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Silver Linings in the Golden Years

Frosted Faces Foundation gives aging animals a final chance at forever families  

BY Christina Orlovsky Page 
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Growing old gracefully is something most people wish for and work hard to achieve. Why should it be any different for our four-legged friends? Sadly, many senior animals find themselves abandoned, alone and left to live out their golden years in an unfamiliar shelter.

This is where Frosted Faces Foundation comes in. The
501(c)(3) nonprofit offers aging animals a chance to live
out their days with caring families who pledge to love them and help them die with dignity. Founded in June 2014 by Kelly Smíšek, then a foster coordinator at a local animal shelter, the San Diego-based nonprofit works toward the mission of providing older animals with a loving family and adequate veterinary care. These seniors are typically age 8 and older and are among the most vulnerable population in California’s crowded shelters.

“In my work at the shelter, I always had to find foster families for seniors who had been adopted when they were young and were being returned to us later in life,” Smíšek says. “Not a lot of people go to the shelter in search of senior animals, so we created a network to get people’s attention.”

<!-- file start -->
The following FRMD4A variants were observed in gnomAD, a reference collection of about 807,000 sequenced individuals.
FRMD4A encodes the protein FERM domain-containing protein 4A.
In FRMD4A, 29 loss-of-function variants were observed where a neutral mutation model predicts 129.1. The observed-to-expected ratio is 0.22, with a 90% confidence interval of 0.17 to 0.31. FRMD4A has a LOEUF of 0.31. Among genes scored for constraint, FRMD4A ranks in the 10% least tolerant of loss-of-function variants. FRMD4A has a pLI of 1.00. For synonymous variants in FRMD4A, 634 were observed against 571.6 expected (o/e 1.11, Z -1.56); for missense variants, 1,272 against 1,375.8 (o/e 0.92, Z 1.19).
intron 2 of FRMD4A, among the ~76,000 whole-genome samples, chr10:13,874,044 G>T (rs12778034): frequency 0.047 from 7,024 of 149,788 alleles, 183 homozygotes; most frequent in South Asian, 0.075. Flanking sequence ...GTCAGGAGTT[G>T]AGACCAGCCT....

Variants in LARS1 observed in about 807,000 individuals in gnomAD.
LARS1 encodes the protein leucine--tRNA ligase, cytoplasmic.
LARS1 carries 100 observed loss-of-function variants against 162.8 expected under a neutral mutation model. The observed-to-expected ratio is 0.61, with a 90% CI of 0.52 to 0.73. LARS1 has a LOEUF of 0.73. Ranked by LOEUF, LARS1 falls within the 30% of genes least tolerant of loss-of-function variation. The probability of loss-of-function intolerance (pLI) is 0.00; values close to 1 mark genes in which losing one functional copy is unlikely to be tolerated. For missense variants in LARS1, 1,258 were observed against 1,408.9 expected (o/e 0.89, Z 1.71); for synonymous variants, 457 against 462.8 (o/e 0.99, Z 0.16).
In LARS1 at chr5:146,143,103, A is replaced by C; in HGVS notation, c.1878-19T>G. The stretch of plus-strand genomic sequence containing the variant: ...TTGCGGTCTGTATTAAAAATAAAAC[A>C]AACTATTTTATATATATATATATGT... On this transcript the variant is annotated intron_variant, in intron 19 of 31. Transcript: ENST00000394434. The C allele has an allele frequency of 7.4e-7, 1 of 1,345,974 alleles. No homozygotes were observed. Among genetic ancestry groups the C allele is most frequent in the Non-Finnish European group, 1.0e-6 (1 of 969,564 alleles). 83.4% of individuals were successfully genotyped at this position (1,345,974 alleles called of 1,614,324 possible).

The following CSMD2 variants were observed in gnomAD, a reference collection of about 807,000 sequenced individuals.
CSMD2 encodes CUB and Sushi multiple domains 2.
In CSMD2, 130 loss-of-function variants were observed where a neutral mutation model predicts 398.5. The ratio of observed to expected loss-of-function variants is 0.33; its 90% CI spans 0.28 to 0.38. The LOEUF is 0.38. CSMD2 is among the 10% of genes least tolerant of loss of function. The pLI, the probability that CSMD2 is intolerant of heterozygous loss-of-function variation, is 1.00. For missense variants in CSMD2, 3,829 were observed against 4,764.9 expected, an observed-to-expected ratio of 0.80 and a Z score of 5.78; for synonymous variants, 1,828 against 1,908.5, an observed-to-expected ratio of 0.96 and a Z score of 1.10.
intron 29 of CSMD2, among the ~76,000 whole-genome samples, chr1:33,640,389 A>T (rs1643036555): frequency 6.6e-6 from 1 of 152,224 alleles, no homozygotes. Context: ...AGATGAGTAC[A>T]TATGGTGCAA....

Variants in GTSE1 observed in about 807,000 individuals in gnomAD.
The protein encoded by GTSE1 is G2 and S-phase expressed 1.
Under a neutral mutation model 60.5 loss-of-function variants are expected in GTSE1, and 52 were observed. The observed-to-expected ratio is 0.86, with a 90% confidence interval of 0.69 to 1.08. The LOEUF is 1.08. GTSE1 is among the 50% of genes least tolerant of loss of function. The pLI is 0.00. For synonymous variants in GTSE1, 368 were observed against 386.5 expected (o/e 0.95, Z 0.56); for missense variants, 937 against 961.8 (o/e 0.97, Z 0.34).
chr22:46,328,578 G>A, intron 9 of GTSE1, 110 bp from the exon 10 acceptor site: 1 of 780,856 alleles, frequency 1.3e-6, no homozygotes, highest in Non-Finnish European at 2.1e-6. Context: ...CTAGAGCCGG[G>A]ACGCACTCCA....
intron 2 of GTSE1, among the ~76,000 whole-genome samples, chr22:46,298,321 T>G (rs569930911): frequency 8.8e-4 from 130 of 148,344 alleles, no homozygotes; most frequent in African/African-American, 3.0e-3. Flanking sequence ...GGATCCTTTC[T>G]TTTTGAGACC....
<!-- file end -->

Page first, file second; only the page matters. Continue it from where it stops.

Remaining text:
Today, nearly three years later, Frosted Faces has fulfilled that promise for two cats and more than 260 dogs, including Charlie, the first dog rescued at age 13 and still alive today. Through its unique Forever Fosters program, Frosted Faces pulls elderly, medically fragile and often abandoned animals from high-risk shelters outside of San Diego County and places them with families, covering lifelong medical care for chronic illnesses and hospice care for dogs in their last days. All foster families have to provide is love—knowing the bond they form is likely going to be short-lived.

“We always call these people exceptional because not a lot of people can do it,” Smíšek adds. “They give all of themselves every time.”

But the effort isn’t only in forever fostering. It’s also in educating pet owners about the options they have to keep their pets until its death. To that end, Frosted Faces has launched new initiatives to help people find pet-friendly places to live; to fund medical care and provide supplies to pet owners with limited means; and to board senior pets when families need a sitter. Frosted Faces has also recently secured land for a facility in Ramona that will expand its capacity to serve this vulnerable pet population. Volunteers and donations are always needed to help fulfill a mission that Smíšek says is all-encompassing, but entirely worthwhile.

“Operating a rescue is an incredible undertaking,” she concludes. “It is about doing what is right for every single animal you commit to for its entire life, the very best way you can.”

[ FOR MORE INFORMATION visit: frostedfacesfoundation.org ]